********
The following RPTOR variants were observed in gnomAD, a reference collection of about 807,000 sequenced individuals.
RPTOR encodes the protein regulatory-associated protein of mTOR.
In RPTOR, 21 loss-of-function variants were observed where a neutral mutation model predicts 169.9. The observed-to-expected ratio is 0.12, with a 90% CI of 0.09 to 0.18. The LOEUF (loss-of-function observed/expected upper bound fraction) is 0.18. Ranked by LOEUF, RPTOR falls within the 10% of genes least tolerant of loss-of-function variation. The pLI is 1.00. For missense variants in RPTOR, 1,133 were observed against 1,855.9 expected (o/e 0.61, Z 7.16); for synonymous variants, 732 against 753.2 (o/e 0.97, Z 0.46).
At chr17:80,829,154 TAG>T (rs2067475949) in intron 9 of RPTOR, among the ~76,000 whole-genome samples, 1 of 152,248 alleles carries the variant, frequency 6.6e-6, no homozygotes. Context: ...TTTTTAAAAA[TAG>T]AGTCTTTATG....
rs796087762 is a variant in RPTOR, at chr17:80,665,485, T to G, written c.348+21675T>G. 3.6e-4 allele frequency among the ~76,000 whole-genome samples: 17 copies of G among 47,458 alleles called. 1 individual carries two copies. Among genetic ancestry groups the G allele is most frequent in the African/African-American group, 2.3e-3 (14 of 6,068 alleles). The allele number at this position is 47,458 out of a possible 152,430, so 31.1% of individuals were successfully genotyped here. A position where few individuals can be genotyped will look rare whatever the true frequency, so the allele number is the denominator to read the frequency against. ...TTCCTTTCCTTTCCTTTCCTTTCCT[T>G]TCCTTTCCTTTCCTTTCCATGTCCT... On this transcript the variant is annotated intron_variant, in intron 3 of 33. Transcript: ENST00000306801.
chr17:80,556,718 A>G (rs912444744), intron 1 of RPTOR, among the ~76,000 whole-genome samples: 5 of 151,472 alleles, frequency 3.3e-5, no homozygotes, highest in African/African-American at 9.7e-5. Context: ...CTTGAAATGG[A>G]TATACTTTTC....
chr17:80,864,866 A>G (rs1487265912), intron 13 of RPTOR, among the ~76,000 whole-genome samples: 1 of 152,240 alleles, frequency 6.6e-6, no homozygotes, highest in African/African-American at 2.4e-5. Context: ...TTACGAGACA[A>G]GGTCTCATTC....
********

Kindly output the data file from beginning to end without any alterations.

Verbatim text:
The following RPTOR variants were observed in gnomAD, a reference collection of about 807,000 sequenced individuals.
RPTOR encodes the protein regulatory-associated protein of mTOR.
In RPTOR, 21 loss-of-function variants were observed where a neutral mutation model predicts 169.9. The observed-to-expected ratio is 0.12, with a 90% CI of 0.09 to 0.18. The LOEUF (loss-of-function observed/expected upper bound fraction) is 0.18. Ranked by LOEUF, RPTOR falls within the 10% of genes least tolerant of loss-of-function variation. The pLI is 1.00. For missense variants in RPTOR, 1,133 were observed against 1,855.9 expected (o/e 0.61, Z 7.16); for synonymous variants, 732 against 753.2 (o/e 0.97, Z 0.46).
At chr17:80,829,154 TAG>T (rs2067475949) in intron 9 of RPTOR, among the ~76,000 whole-genome samples, 1 of 152,248 alleles carries the variant, frequency 6.6e-6, no homozygotes. Context: ...TTTTTAAAAA[TAG>T]AGTCTTTATG....
rs796087762 is a variant in RPTOR, at chr17:80,665,485, T to G, written c.348+21675T>G. 3.6e-4 allele frequency among the ~76,000 whole-genome samples: 17 copies of G among 47,458 alleles called. 1 individual carries two copies. Among genetic ancestry groups the G allele is most frequent in the African/African-American group, 2.3e-3 (14 of 6,068 alleles). The allele number at this position is 47,458 out of a possible 152,430, so 31.1% of individuals were successfully genotyped here. A position where few individuals can be genotyped will look rare whatever the true frequency, so the allele number is the denominator to read the frequency against. ...TTCCTTTCCTTTCCTTTCCTTTCCT[T>G]TCCTTTCCTTTCCTTTCCATGTCCT... On this transcript the variant is annotated intron_variant, in intron 3 of 33. Transcript: ENST00000306801.
chr17:80,556,718 A>G (rs912444744), intron 1 of RPTOR, among the ~76,000 whole-genome samples: 5 of 151,472 alleles, frequency 3.3e-5, no homozygotes, highest in African/African-American at 9.7e-5. Context: ...CTTGAAATGG[A>G]TATACTTTTC....
chr17:80,864,866 A>G (rs1487265912), intron 13 of RPTOR, among the ~76,000 whole-genome samples: 1 of 152,240 alleles, frequency 6.6e-6, no homozygotes, highest in African/African-American at 2.4e-5. Context: ...TTACGAGACA[A>G]GGTCTCATTC....